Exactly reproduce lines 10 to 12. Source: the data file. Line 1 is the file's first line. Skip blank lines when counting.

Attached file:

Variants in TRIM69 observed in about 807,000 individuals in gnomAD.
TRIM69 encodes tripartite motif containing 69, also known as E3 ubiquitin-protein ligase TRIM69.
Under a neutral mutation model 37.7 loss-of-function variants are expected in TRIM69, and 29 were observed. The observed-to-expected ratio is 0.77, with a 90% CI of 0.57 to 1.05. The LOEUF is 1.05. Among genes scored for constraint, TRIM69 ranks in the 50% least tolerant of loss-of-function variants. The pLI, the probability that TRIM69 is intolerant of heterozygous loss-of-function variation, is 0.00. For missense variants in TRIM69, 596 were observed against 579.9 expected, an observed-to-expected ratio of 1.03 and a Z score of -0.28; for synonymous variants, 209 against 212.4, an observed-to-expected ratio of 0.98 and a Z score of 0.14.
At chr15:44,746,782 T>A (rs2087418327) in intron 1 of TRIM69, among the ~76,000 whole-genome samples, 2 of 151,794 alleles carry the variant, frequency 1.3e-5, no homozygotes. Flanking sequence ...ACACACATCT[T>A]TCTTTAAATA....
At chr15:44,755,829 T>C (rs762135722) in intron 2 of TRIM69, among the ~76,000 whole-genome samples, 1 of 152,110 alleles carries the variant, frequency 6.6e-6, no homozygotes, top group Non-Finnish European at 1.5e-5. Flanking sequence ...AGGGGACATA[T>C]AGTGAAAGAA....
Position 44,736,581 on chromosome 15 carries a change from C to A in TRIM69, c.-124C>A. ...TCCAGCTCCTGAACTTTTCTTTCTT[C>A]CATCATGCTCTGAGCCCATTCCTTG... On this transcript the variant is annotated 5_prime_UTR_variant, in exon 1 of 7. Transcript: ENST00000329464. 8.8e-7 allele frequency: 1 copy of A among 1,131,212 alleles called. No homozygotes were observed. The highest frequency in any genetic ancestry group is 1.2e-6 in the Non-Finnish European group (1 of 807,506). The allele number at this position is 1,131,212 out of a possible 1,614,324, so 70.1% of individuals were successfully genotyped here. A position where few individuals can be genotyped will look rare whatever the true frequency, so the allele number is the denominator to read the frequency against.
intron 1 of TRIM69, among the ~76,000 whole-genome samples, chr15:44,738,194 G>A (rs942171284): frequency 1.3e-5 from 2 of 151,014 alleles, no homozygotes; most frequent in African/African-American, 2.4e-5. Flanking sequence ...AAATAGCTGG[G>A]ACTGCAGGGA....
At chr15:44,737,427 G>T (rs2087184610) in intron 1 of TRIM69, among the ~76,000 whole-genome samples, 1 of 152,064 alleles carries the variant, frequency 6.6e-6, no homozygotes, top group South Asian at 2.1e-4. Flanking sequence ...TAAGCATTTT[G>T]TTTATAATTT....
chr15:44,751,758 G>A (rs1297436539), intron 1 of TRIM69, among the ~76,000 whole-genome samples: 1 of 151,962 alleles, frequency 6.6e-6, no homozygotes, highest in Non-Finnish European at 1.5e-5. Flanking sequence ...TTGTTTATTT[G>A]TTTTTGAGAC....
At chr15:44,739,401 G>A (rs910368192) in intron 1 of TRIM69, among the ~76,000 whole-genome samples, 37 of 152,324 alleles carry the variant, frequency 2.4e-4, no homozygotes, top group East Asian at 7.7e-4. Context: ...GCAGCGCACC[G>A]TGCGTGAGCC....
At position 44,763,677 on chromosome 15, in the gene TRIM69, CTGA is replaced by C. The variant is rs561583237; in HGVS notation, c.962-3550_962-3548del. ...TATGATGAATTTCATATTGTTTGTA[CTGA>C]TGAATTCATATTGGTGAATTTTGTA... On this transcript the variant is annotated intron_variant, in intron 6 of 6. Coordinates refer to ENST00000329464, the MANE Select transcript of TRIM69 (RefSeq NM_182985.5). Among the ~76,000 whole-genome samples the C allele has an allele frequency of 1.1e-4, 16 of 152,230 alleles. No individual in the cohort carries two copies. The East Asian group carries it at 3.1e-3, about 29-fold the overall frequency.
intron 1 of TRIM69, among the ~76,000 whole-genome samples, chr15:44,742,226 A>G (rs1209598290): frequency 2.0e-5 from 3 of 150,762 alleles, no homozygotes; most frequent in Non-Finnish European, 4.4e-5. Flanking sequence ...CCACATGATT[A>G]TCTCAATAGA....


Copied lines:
At chr15:44,739,401 G>A (rs910368192) in intron 1 of TRIM69, among the ~76,000 whole-genome samples, 37 of 152,324 alleles carry the variant, frequency 2.4e-4, no homozygotes, top group East Asian at 7.7e-4. Context: ...GCAGCGCACC[G>A]TGCGTGAGCC....
At position 44,763,677 on chromosome 15, in the gene TRIM69, CTGA is replaced by C. The variant is rs561583237; in HGVS notation, c.962-3550_962-3548del. ...TATGATGAATTTCATATTGTTTGTA[CTGA>C]TGAATTCATATTGGTGAATTTTGTA... On this transcript the variant is annotated intron_variant, in intron 6 of 6. Coordinates refer to ENST00000329464, the MANE Select transcript of TRIM69 (RefSeq NM_182985.5). Among the ~76,000 whole-genome samples the C allele has an allele frequency of 1.1e-4, 16 of 152,230 alleles. No individual in the cohort carries two copies. The East Asian group carries it at 3.1e-3, about 29-fold the overall frequency.
intron 1 of TRIM69, among the ~76,000 whole-genome samples, chr15:44,742,226 A>G (rs1209598290): frequency 2.0e-5 from 3 of 150,762 alleles, no homozygotes; most frequent in Non-Finnish European, 4.4e-5. Flanking sequence ...CCACATGATT[A>G]TCTCAATAGA....